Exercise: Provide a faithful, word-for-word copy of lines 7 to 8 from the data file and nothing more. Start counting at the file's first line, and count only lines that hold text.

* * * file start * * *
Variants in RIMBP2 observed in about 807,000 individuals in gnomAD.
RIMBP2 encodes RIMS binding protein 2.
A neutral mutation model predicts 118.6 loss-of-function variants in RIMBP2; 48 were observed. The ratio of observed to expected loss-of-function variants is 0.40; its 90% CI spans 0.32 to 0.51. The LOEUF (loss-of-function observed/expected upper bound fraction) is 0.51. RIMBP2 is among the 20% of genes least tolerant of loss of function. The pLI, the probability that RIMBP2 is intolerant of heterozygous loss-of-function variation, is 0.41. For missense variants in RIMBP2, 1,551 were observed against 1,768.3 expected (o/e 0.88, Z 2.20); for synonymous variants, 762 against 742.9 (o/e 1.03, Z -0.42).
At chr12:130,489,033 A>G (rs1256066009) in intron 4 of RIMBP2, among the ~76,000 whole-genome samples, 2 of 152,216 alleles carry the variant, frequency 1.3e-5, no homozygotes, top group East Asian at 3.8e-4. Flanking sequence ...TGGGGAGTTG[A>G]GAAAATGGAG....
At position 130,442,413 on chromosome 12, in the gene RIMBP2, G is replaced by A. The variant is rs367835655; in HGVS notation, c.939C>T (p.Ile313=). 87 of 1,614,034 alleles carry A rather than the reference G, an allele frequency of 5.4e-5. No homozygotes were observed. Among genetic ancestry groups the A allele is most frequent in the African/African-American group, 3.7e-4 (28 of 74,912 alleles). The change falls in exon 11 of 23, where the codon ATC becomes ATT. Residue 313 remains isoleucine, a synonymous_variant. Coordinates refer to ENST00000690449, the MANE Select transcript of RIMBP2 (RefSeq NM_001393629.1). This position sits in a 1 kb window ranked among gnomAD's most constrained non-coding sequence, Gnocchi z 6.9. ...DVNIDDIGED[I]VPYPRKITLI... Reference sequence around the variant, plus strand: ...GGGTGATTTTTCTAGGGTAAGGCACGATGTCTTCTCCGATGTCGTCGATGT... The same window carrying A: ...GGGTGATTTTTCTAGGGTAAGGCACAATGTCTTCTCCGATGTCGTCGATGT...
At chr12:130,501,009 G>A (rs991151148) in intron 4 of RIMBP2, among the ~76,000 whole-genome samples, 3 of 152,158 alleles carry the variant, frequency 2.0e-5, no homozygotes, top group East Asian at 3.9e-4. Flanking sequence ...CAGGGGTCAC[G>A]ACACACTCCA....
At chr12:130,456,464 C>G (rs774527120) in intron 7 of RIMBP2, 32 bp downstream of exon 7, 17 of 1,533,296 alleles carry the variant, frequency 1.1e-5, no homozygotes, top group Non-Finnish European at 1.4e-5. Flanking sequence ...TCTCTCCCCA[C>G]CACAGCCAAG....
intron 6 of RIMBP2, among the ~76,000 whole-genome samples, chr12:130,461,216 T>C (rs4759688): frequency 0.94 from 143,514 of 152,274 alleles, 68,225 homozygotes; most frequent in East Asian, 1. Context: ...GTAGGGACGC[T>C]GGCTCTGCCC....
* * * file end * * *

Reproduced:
At chr12:130,456,464 C>G (rs774527120) in intron 7 of RIMBP2, 32 bp downstream of exon 7, 17 of 1,533,296 alleles carry the variant, frequency 1.1e-5, no homozygotes, top group Non-Finnish European at 1.4e-5. Flanking sequence ...TCTCTCCCCA[C>G]CACAGCCAAG....
intron 6 of RIMBP2, among the ~76,000 whole-genome samples, chr12:130,461,216 T>C (rs4759688): frequency 0.94 from 143,514 of 152,274 alleles, 68,225 homozygotes; most frequent in East Asian, 1. Context: ...GTAGGGACGC[T>C]GGCTCTGCCC....